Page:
In 2017, the Oregon program doubled its deposit value from 5 cents per container to 10 cents. | Courtesy of OBRC.

Oregon’s container deposit system achieved an 81% redemption rate last year, significantly higher than the previous full-year figure. The increase comes after the deposit value doubled.

The Oregon Liquor Control Commission (OLCC) this month released figures showing 81% of all beverage containers covered under the program were redeemed last year.

Under Oregon’s system, distributors can either join a collective or carry out redemptions on their own. Most participate in Oregon Beverage Recycling Cooperative, the main distributor collective in the state.

Joel Schoening, community relations manager for OBRC, said the 2018 rate clearly indicates the impact of the recent changes to the deposit program. In 2017, the Oregon program doubled its deposit value from 5 cents per container to 10 cents. The move was triggered by state law stipulations due to multiple years of stagnant redemptions. State regulators calculated a full-year 2017 figure of 73%, up from 64% in 2016 and 2015.

Schoening noted the 81% is an even more significant indicator of what redemptions will look like under the 10-cent deposit because the 2017 numbers were slightly skewed. Many households began holding off on redeeming containers until the deposit increase took place midway through the year, and this “hoarding” led to lower redemption during the first half of the year (59%) and far greater redemption during the latter months (82%).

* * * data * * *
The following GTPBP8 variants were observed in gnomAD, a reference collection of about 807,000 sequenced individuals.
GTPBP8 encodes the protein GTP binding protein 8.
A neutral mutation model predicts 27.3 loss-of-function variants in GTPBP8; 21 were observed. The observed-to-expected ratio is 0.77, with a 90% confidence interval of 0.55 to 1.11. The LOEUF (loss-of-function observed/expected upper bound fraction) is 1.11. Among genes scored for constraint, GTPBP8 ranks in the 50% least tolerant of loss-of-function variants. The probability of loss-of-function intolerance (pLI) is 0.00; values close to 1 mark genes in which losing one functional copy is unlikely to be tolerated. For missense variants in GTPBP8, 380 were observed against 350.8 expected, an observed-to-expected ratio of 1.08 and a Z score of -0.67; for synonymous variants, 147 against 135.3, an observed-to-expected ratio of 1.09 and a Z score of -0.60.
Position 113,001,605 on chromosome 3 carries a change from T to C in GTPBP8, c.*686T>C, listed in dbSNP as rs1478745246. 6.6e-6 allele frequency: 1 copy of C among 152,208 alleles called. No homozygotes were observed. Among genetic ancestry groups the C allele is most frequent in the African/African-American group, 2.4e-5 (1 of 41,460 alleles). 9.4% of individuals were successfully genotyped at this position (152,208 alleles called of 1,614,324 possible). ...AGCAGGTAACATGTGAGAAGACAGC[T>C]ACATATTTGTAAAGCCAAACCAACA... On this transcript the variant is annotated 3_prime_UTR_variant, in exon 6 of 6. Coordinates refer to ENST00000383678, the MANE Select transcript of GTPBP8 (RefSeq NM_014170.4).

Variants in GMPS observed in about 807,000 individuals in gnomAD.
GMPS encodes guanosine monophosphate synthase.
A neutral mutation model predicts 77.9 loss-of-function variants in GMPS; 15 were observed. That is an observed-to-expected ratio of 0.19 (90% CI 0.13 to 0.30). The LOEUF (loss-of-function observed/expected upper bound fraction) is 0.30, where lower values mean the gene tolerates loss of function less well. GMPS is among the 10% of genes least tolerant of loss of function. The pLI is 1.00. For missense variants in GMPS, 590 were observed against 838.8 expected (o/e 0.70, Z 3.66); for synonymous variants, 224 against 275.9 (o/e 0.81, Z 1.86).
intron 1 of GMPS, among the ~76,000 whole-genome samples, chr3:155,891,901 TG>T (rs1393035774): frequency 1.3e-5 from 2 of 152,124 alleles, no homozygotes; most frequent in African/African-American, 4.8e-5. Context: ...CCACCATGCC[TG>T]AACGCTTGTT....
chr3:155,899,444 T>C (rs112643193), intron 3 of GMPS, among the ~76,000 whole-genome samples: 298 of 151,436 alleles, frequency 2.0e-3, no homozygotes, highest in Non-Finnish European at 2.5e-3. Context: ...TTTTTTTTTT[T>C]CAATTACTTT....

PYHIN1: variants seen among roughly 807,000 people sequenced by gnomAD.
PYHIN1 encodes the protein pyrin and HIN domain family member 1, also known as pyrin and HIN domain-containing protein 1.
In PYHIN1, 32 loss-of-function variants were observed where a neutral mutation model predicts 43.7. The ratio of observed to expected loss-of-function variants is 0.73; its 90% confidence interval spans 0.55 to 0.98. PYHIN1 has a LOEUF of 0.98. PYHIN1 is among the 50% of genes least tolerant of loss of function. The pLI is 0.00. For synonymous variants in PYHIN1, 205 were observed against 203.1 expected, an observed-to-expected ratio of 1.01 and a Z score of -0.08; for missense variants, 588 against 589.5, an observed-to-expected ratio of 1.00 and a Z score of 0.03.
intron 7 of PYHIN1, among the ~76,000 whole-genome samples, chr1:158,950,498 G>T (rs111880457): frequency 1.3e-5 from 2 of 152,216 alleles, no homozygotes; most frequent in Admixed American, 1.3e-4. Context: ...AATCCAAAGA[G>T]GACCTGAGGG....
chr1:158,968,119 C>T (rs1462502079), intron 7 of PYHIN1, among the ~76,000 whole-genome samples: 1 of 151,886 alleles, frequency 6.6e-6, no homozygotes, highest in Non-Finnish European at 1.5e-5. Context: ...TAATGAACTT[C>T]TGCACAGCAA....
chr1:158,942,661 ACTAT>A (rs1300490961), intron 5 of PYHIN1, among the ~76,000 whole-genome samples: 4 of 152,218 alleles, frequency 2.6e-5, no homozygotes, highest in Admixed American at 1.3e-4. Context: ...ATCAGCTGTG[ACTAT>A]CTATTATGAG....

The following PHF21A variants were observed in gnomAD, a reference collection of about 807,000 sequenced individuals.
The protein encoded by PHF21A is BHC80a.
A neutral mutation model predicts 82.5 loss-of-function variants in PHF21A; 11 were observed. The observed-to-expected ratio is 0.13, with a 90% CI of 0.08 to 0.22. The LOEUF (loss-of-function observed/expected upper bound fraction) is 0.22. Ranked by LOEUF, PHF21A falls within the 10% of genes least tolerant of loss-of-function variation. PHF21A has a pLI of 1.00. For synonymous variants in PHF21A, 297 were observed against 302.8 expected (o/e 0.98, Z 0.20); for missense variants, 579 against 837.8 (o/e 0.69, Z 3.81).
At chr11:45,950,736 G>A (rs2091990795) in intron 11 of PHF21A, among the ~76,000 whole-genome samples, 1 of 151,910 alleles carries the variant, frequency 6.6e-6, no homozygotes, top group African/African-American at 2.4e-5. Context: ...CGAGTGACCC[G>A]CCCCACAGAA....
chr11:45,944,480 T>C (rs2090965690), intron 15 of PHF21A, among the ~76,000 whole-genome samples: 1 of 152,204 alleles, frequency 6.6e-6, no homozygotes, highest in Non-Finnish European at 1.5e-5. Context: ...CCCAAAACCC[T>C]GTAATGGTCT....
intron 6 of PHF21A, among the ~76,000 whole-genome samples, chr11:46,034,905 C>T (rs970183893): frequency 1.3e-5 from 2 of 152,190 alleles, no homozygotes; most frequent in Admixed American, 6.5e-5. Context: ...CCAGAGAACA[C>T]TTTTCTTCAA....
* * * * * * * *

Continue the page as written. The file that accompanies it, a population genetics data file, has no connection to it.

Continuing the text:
“The 81% rate for 2018 is great news,” Schoening told Resource Recycling. He also pointed out the increase comes after more container types were added to the deposit program in 2018, including coffee and tea, juice and more. “It shows that Oregonians adapted to the expanded class of containers carrying a deposit very quickly. This is especially exciting considering the demand for high-quality recycling options in the context of current recycled materials markets.”

Earlier this year, there were predictions the rate could reach as high as 90% for 2018. Although the full-year figure came short of that number, Schoening noted there have been months in 2019 where the return rate has been higher than 90%.

“2019 is still looking very strong for redemption rates,” he said.

A version of this story appeared in Resource Recycling on August 13.

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Van Dyk